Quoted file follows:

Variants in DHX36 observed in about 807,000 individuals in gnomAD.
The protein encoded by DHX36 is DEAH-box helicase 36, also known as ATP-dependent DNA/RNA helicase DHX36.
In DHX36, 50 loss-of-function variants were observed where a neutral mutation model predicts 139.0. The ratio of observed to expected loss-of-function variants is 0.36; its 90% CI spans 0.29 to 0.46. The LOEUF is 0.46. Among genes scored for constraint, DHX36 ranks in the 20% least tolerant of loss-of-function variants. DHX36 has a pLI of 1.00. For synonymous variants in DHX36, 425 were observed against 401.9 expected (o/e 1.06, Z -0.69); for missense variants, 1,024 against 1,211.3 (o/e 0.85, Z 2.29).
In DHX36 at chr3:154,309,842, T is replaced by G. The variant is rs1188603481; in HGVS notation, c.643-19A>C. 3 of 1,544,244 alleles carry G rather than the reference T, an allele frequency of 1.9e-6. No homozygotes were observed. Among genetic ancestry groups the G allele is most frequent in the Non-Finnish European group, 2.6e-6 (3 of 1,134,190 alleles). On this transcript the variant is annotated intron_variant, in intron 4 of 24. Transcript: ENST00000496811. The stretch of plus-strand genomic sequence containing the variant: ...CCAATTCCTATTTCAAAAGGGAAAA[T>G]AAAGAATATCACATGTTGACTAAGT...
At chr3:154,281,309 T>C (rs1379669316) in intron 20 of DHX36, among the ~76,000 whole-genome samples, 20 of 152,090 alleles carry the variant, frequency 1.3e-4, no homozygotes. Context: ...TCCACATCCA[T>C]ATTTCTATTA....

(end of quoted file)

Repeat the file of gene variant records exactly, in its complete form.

Variants in DHX36 observed in about 807,000 individuals in gnomAD.
The protein encoded by DHX36 is DEAH-box helicase 36, also known as ATP-dependent DNA/RNA helicase DHX36.
In DHX36, 50 loss-of-function variants were observed where a neutral mutation model predicts 139.0. The ratio of observed to expected loss-of-function variants is 0.36; its 90% CI spans 0.29 to 0.46. The LOEUF is 0.46. Among genes scored for constraint, DHX36 ranks in the 20% least tolerant of loss-of-function variants. DHX36 has a pLI of 1.00. For synonymous variants in DHX36, 425 were observed against 401.9 expected (o/e 1.06, Z -0.69); for missense variants, 1,024 against 1,211.3 (o/e 0.85, Z 2.29).
In DHX36 at chr3:154,309,842, T is replaced by G. The variant is rs1188603481; in HGVS notation, c.643-19A>C. 3 of 1,544,244 alleles carry G rather than the reference T, an allele frequency of 1.9e-6. No homozygotes were observed. Among genetic ancestry groups the G allele is most frequent in the Non-Finnish European group, 2.6e-6 (3 of 1,134,190 alleles). On this transcript the variant is annotated intron_variant, in intron 4 of 24. Transcript: ENST00000496811. The stretch of plus-strand genomic sequence containing the variant: ...CCAATTCCTATTTCAAAAGGGAAAA[T>G]AAAGAATATCACATGTTGACTAAGT...
At chr3:154,281,309 T>C (rs1379669316) in intron 20 of DHX36, among the ~76,000 whole-genome samples, 20 of 152,090 alleles carry the variant, frequency 1.3e-4, no homozygotes. Context: ...TCCACATCCA[T>C]ATTTCTATTA....